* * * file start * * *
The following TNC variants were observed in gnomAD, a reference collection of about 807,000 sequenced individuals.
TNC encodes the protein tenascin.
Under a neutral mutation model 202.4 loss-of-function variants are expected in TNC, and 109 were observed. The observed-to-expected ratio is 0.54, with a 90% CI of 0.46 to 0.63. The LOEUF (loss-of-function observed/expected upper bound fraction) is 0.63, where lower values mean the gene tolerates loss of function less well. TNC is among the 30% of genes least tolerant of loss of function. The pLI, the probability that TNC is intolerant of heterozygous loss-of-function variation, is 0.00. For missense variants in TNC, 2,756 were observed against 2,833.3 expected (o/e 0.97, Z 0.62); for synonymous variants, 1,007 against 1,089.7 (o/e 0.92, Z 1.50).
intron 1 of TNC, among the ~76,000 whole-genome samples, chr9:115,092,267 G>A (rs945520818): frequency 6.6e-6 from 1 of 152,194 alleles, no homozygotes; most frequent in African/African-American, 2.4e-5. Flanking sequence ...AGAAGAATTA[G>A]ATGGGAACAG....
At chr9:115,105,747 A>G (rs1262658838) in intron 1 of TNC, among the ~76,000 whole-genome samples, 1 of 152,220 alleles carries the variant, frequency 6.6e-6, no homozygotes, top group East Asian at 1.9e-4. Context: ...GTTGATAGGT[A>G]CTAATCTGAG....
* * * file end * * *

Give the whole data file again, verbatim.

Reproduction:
The following TNC variants were observed in gnomAD, a reference collection of about 807,000 sequenced individuals.
TNC encodes the protein tenascin.
Under a neutral mutation model 202.4 loss-of-function variants are expected in TNC, and 109 were observed. The observed-to-expected ratio is 0.54, with a 90% CI of 0.46 to 0.63. The LOEUF (loss-of-function observed/expected upper bound fraction) is 0.63, where lower values mean the gene tolerates loss of function less well. TNC is among the 30% of genes least tolerant of loss of function. The pLI, the probability that TNC is intolerant of heterozygous loss-of-function variation, is 0.00. For missense variants in TNC, 2,756 were observed against 2,833.3 expected (o/e 0.97, Z 0.62); for synonymous variants, 1,007 against 1,089.7 (o/e 0.92, Z 1.50).
intron 1 of TNC, among the ~76,000 whole-genome samples, chr9:115,092,267 G>A (rs945520818): frequency 6.6e-6 from 1 of 152,194 alleles, no homozygotes; most frequent in African/African-American, 2.4e-5. Flanking sequence ...AGAAGAATTA[G>A]ATGGGAACAG....
At chr9:115,105,747 A>G (rs1262658838) in intron 1 of TNC, among the ~76,000 whole-genome samples, 1 of 152,220 alleles carries the variant, frequency 6.6e-6, no homozygotes, top group East Asian at 1.9e-4. Context: ...GTTGATAGGT[A>G]CTAATCTGAG....